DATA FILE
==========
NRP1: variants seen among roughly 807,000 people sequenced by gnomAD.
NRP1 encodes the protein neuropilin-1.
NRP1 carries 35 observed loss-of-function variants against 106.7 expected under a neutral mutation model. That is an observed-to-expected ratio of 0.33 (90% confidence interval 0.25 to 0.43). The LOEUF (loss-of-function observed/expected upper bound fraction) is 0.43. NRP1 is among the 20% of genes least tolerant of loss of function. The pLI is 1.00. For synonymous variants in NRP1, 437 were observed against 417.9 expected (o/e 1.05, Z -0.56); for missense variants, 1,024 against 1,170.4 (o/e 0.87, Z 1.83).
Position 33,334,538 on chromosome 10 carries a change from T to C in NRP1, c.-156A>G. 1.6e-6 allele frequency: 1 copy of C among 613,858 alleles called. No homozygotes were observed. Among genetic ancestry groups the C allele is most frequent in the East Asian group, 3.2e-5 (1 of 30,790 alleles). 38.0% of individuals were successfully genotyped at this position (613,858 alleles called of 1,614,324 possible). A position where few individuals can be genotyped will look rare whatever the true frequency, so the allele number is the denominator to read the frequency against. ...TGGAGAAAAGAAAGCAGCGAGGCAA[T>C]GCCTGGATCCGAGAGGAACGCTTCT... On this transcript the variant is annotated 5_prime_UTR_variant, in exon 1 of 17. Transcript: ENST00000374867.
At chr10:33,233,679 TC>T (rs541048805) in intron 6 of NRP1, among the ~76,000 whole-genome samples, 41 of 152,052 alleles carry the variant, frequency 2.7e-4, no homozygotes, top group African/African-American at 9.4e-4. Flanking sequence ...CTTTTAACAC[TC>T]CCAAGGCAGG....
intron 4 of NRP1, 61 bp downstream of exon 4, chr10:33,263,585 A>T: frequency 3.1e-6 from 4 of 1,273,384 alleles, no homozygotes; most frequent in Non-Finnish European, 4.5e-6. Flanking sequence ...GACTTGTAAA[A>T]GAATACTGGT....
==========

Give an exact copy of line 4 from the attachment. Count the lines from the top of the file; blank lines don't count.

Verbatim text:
Position 33,334,538 on chromosome 10 carries a change from T to C in NRP1, c.-156A>G. 1.6e-6 allele frequency: 1 copy of C among 613,858 alleles called. No homozygotes were observed. Among genetic ancestry groups the C allele is most frequent in the East Asian group, 3.2e-5 (1 of 30,790 alleles). 38.0% of individuals were successfully genotyped at this position (613,858 alleles called of 1,614,324 possible). A position where few individuals can be genotyped will look rare whatever the true frequency, so the allele number is the denominator to read the frequency against. ...TGGAGAAAAGAAAGCAGCGAGGCAA[T>C]GCCTGGATCCGAGAGGAACGCTTCT... On this transcript the variant is annotated 5_prime_UTR_variant, in exon 1 of 17. Transcript: ENST00000374867.